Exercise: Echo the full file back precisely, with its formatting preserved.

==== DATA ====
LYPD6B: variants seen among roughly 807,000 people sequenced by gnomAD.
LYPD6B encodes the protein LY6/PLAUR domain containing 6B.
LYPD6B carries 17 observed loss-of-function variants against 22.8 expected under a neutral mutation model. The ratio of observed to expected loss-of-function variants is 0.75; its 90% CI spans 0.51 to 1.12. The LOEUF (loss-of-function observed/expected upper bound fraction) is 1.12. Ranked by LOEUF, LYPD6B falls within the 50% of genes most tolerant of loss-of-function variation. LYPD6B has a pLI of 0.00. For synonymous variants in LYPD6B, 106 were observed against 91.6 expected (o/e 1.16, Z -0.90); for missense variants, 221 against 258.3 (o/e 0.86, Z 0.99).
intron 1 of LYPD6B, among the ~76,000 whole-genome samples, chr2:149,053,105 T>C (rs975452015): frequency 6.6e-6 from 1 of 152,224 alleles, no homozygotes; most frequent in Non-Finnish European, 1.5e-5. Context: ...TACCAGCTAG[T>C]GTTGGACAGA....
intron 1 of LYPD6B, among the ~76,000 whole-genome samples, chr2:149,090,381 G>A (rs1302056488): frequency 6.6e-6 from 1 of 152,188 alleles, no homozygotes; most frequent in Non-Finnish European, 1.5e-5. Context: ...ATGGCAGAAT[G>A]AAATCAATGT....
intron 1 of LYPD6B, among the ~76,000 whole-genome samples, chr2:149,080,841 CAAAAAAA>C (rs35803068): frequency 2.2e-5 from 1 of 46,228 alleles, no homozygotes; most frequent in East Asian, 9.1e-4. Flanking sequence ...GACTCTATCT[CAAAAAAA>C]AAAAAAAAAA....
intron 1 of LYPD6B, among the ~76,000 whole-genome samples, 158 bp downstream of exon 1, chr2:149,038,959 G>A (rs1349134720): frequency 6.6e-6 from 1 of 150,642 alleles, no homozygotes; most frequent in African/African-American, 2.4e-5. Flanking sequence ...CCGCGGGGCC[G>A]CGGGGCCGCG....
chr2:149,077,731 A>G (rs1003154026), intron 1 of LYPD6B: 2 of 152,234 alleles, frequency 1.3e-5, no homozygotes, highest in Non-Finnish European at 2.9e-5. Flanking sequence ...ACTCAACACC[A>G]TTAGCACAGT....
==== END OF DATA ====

LYPD6B: variants seen among roughly 807,000 people sequenced by gnomAD.
LYPD6B encodes the protein LY6/PLAUR domain containing 6B.
LYPD6B carries 17 observed loss-of-function variants against 22.8 expected under a neutral mutation model. The ratio of observed to expected loss-of-function variants is 0.75; its 90% CI spans 0.51 to 1.12. The LOEUF (loss-of-function observed/expected upper bound fraction) is 1.12. Ranked by LOEUF, LYPD6B falls within the 50% of genes most tolerant of loss-of-function variation. LYPD6B has a pLI of 0.00. For synonymous variants in LYPD6B, 106 were observed against 91.6 expected (o/e 1.16, Z -0.90); for missense variants, 221 against 258.3 (o/e 0.86, Z 0.99).
intron 1 of LYPD6B, among the ~76,000 whole-genome samples, chr2:149,053,105 T>C (rs975452015): frequency 6.6e-6 from 1 of 152,224 alleles, no homozygotes; most frequent in Non-Finnish European, 1.5e-5. Context: ...TACCAGCTAG[T>C]GTTGGACAGA....
intron 1 of LYPD6B, among the ~76,000 whole-genome samples, chr2:149,090,381 G>A (rs1302056488): frequency 6.6e-6 from 1 of 152,188 alleles, no homozygotes; most frequent in Non-Finnish European, 1.5e-5. Context: ...ATGGCAGAAT[G>A]AAATCAATGT....
intron 1 of LYPD6B, among the ~76,000 whole-genome samples, chr2:149,080,841 CAAAAAAA>C (rs35803068): frequency 2.2e-5 from 1 of 46,228 alleles, no homozygotes; most frequent in East Asian, 9.1e-4. Flanking sequence ...GACTCTATCT[CAAAAAAA>C]AAAAAAAAAA....
intron 1 of LYPD6B, among the ~76,000 whole-genome samples, 158 bp downstream of exon 1, chr2:149,038,959 G>A (rs1349134720): frequency 6.6e-6 from 1 of 150,642 alleles, no homozygotes; most frequent in African/African-American, 2.4e-5. Flanking sequence ...CCGCGGGGCC[G>A]CGGGGCCGCG....
chr2:149,077,731 A>G (rs1003154026), intron 1 of LYPD6B: 2 of 152,234 alleles, frequency 1.3e-5, no homozygotes, highest in Non-Finnish European at 2.9e-5. Flanking sequence ...ACTCAACACC[A>G]TTAGCACAGT....